Screenwriters Are Introverts and Extroverts at the Same Time
The last coffee with guests happened on Thursday, with guest screenwriter, script editor and co-writer Christian Routh, who spoke about The Screenwriter’s Paradox. Routh first spoke about his background and his early days in the film industry and then proceeded with his presentation that consisted of the sayings by famous writers, playwrights, and philosophers.
A spontaneous discussion followed after the presentation, with questions posed by moderator Davor Švaić and the audience.
The increase of the number of creative producers (producers playwrights), whose abilities of budget planning, pitching, and making key decisions also include creativity, resulted in the spread of art film. Screenwriters also became much closer to the film industry in this century, which was not the case for many years.
Routh emphasised that a screenwriter is a person who needs to have the characteristics of an introvert for the creative process, and at the same time the characteristics of an extrovert for the collaboration side of the work. Making films requires strong social skill, as it is very competitive work, which is even more pronounced in the 21st century.
Other than writing being therapy of sorts for screenwriters, the story they are creating has to work for other people as well. It is important to tackle topics that the audience can understand – universality. They also have to be able to judge whether the timing is right for a certain topic, and whether the world is ready for it. The world is in a crisis right now, maybe people are not ready for this tragedy I’m writing. Write it, put it in a drawer, and wait for a more favourable moment, Routh said. Many successful projects have gone through more than a decade of preparation.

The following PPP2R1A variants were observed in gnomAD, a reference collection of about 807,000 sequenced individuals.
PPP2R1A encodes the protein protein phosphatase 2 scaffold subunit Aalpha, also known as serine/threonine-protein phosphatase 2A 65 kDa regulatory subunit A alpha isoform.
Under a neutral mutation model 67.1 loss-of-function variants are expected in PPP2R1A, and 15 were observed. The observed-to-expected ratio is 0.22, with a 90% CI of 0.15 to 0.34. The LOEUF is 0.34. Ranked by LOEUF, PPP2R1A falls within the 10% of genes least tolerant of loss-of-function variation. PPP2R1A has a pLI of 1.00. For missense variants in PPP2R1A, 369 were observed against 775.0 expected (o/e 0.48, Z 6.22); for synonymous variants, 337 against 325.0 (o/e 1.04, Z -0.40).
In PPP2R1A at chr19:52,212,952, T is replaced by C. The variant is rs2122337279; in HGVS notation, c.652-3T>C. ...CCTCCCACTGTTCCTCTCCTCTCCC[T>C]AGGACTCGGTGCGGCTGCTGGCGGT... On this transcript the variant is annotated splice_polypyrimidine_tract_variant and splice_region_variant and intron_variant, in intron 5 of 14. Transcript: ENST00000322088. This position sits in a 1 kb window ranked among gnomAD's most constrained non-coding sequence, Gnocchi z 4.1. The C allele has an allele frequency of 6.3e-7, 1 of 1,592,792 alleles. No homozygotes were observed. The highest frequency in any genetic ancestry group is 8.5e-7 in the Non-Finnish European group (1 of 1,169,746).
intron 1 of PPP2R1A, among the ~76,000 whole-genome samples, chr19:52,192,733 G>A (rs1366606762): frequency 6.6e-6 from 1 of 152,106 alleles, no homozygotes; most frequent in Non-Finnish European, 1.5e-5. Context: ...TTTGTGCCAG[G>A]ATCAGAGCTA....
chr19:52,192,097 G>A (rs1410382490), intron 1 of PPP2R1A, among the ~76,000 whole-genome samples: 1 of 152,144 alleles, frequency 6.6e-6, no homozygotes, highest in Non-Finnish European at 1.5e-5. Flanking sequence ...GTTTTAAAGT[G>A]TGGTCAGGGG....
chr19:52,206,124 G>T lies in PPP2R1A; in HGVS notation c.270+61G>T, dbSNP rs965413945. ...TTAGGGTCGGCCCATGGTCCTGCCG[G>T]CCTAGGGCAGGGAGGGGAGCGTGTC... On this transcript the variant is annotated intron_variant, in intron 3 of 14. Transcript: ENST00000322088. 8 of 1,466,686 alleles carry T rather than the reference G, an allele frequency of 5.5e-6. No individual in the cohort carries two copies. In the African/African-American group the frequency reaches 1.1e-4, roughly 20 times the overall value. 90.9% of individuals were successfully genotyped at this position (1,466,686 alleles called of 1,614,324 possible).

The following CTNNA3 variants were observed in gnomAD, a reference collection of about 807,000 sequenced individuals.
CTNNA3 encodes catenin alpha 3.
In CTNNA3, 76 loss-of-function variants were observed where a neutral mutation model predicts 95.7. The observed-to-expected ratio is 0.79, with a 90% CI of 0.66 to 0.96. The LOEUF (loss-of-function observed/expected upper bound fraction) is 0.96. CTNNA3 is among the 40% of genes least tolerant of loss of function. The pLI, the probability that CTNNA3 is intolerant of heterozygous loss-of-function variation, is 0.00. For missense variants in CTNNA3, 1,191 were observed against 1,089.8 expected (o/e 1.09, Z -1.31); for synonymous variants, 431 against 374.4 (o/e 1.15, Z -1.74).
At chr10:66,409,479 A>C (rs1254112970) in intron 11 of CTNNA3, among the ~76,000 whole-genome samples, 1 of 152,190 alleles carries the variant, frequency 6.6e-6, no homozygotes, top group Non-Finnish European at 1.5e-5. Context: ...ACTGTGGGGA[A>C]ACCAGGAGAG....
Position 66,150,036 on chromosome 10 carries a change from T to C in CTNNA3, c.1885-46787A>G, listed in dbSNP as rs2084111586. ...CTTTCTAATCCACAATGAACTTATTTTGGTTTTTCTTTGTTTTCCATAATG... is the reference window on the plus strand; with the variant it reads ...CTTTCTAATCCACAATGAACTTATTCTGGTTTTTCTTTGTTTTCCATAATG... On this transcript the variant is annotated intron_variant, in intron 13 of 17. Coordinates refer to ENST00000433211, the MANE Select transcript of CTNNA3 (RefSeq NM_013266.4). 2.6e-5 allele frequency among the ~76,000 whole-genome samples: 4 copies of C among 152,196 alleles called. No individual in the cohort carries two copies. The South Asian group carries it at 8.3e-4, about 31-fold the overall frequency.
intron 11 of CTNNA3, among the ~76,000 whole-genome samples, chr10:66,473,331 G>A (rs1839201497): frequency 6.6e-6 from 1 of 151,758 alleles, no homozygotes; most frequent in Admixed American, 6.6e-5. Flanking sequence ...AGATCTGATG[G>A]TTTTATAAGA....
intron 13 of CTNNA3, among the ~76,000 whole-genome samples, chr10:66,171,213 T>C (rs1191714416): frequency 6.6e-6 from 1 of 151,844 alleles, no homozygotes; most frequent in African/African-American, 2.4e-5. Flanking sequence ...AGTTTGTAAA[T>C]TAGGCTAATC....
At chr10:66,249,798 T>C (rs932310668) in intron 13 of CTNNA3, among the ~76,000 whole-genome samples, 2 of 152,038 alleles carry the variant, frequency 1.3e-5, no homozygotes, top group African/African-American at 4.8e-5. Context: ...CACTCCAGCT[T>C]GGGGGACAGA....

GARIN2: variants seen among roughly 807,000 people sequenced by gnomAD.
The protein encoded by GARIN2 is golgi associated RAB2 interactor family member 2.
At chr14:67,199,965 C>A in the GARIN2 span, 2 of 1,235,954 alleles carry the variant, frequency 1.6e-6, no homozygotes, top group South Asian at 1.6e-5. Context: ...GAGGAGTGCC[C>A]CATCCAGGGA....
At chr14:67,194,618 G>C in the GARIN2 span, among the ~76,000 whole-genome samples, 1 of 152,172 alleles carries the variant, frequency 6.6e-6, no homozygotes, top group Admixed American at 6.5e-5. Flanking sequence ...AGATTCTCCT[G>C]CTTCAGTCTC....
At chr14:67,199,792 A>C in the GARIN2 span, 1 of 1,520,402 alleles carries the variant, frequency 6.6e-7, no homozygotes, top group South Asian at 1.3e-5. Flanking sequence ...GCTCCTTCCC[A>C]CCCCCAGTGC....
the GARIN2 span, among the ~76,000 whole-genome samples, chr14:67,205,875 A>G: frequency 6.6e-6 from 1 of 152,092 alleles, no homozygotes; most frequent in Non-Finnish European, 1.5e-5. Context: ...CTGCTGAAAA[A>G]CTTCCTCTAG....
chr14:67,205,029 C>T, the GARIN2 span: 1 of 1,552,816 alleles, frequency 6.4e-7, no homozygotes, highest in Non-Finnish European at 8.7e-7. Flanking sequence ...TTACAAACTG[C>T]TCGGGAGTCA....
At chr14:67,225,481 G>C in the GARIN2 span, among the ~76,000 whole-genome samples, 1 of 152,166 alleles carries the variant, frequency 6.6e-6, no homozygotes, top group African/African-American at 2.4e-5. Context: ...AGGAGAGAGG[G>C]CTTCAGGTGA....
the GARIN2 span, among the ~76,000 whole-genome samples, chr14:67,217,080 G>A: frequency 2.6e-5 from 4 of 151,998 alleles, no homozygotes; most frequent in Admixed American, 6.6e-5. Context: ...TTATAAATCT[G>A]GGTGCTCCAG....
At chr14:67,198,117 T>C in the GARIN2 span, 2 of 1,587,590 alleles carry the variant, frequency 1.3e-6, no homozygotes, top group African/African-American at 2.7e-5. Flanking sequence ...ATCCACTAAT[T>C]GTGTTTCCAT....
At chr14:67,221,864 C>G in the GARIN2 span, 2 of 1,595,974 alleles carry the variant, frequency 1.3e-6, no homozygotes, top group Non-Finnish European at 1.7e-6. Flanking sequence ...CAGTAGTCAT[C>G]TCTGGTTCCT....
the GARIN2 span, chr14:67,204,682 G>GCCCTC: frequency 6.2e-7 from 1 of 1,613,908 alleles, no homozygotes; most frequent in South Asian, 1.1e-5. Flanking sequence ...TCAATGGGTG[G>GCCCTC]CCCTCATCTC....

It is not unusual for the writing process to go down a dead end multiple times. It is important to accept that screenwriting is a job that never ends, or rather, one never knows where it really ends. Along with routine and pace, it requires perseverance.
Screenwriting is a lonely job, but screenwriters are not alone – all screenwriters, whatever stories they might be writing, go through the same process, and it is something to be accepted. All screenwriters will face being rejected. Dozens, even hundreds of times. It is important to find a trustworthy ally. Routh says one needs to be careful with the opinions and attitudes of others, and be prepared to learn from good and bad screenplays according to personal taste, but always believe in oneself.
Ever tried. Ever failed.
No matter. Try again.
Fail again. Fail better.
(Samuel Beckett, 1983. ‘Westward Ho!’) – from a slide in Routh’s presentation
Routh explained the difference between the US and European type of screenplay, as well as text analysis (common in European film) when the director is also the screenwriter or when they are not, which is more often the case in US films. Routh finished his presentation by concluding that one can make a bad film from a good screenplay, but not a good film from a bad screenplay.